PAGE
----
Dacia Spring's results came at the Euro NCAP safety tests: One out of five stars. No matter how we analyze the situation, a star in the Euro NCAP safety tests is a poor result - we need to explain how Euro NCAP reaches the overall score explained visually in stars for each car tested.
Euro NCAP tests vehicles in several categories. The most important are: - Structural safety, which is noted depending on how the dummies - adults and children - are affected by the car's strength in a series of front and side-impact tests performed at different speeds, between 30 and 60 km / h. Active safety notes how effective advanced electronic systems such as automatic braking, blind-spot monitoring, tread recognition, and so on are. - The safety of road users (pedestrians, cyclists, motorcyclists) whom Euro NCAP defines as "vulnerable road users."
It's essential to remember to give the final rating of a car, and Euro NCAP does not make arithmetic or weighted average between all these categories. Although the organization provides very detailed separate scores for each test in each class, the final grade illustrated by the famous stars is given by - and this is extremely important to remember - the poorest result in any of the above categories.
Then there is the constant updating of Euro NCAP tests. Every year, the organization introduces new, more complex, and more challenging tests, which have the role of ensuring that we, the customers, that the new cars rise to the level of market requirements. In other words, a vehicle that received five stars ten years ago would not qualify today in any case for this scoring area. The reverse is also true: a car that gets a star today would have been superior to the test criteria of 10 years ago. Euro NCAP considers that the grade received by a vehicle for its tests can be regarded as valid for 3-4 years.
This slightly more complex picture would give everyone a complete and accurate picture. Much more accurate. It is important to understand how Euro NCAP works and why the results must be analyzed in detail. Because there are cases in which a car is not a trap on wheels, but primarily because it lacks some assistance systems that could avoid possible accidents.
What's wrong with Dacia Spring? The problem with Dacia Spring is, of course, that the car doesn't even reach many stars structurally. According to Euro NCAP rules and according to my calculations, the results that the electric model would display if Euro NCAP published the results broken down by test categories would be: - Protection of adult passengers: one star (49% - with another percentage would have risen to two stars) - Protection of child passengers: two stars (56%) - Protection of pedestrians, motorcycles, bicycles: two stars (39% - with another percentage would have had three stars) - Efficiency of security systems: one star (32% - two percent lower, Dacia Spring would have had zero stars Euro NCAP). The percentages are the percentage of the total potential points the car received in the tests in each category.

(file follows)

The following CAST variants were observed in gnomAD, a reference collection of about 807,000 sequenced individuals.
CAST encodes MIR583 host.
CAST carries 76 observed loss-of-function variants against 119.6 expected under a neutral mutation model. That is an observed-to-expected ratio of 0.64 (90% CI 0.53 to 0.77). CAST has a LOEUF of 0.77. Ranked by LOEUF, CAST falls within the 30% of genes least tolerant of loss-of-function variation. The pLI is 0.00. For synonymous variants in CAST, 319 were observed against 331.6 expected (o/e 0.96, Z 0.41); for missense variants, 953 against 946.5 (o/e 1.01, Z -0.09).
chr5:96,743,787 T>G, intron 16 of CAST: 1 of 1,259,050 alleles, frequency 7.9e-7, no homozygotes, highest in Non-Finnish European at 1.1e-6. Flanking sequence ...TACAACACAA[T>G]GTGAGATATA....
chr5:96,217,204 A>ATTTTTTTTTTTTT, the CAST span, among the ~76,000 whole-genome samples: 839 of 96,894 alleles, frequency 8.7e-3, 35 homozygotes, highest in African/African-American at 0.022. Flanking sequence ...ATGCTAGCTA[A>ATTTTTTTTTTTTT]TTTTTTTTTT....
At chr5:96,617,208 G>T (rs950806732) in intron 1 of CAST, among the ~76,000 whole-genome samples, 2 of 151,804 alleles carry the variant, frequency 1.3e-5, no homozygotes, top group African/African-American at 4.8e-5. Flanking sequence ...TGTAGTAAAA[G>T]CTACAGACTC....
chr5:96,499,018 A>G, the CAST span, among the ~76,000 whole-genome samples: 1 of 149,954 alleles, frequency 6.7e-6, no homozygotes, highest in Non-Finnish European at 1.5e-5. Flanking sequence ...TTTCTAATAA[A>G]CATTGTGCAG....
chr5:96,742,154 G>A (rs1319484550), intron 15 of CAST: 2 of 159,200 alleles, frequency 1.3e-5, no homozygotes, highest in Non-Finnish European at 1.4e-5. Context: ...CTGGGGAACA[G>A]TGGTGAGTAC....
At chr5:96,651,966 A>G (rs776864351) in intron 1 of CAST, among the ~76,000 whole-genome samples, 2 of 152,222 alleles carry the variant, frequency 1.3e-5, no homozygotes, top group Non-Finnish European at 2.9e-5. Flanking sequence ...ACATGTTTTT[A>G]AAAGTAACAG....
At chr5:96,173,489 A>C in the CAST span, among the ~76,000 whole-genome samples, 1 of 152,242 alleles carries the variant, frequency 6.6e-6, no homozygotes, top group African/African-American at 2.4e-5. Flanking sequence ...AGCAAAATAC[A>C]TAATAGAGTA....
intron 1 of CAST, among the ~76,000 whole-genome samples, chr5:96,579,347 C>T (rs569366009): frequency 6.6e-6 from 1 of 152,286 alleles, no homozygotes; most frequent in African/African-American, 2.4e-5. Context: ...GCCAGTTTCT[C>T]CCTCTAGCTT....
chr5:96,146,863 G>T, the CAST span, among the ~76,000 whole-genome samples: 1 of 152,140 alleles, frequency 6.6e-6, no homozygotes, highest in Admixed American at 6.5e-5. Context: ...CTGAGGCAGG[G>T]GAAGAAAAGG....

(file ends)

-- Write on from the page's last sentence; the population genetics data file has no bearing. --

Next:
Paradoxically, although the image impact is massive when Euro NCAP announces the results, Dacia officials assume these results - and they were expecting them, especially after the two stars of Dacia Sandero in the test in the spring of 2021. In the last discussion with the brand's management team, I asked them why they do not offer a package of safety systems, at least optional on Dacia models. Their answer: Dacia considers that decent structural protection is enough. Because branding is the definition of basic needs, and otherwise tick the mandatory details by law (such as automatic emergency braking). Solutions may exist, but it would probably affect the price positioning of the brand's models to some extent. One of these options would be for Dacia to offer customers who want this, for a fee, a complete safety package. Although it seems simple, the package means significant structural changes on the production line. And Dacia is a brand in which accountants count every penny.
As for the Renault Zoe, things are even more complex and confirm that Euro NCAP should change how it communicates the results. Because Renault's electric model received five stars seven years ago, on its first test, and zero stars now. Mathematically and empirically, the difference is radical, and it is too much to be explained exclusively by the high complexity of current tests.
In the official communication from Euro NCAP, we find that security features have been added. However, on the contrary, the side airbag, which previously protected the head and chest, has been replaced with a less effective one that only covers the chest, thus degrading the occupant protection. As a result, the new Renault Zoe offers poor general protection in the event of accidents, insufficient protection of vulnerable road users, and lacks technologies to prevent accidents. These elements disqualify it for any safety star.
In other words, Renault has unknowingly replaced a good side airbag with a worse one. And this also affected the structural result because the tests generated very low scores. So what would Zoe's results look like if Euro NCAP had written each category separately? - Protection of adult passengers: one star (43% - under Dacia Spring) - Protection of child passengers: two stars (56%) - Protection of pedestrians, motorcycles, bicycles: three stars (41%) - Efficiency of safety systems: zero stars (14 %) % - a car qualifies for a star at over 30%). @via Euro NCAP.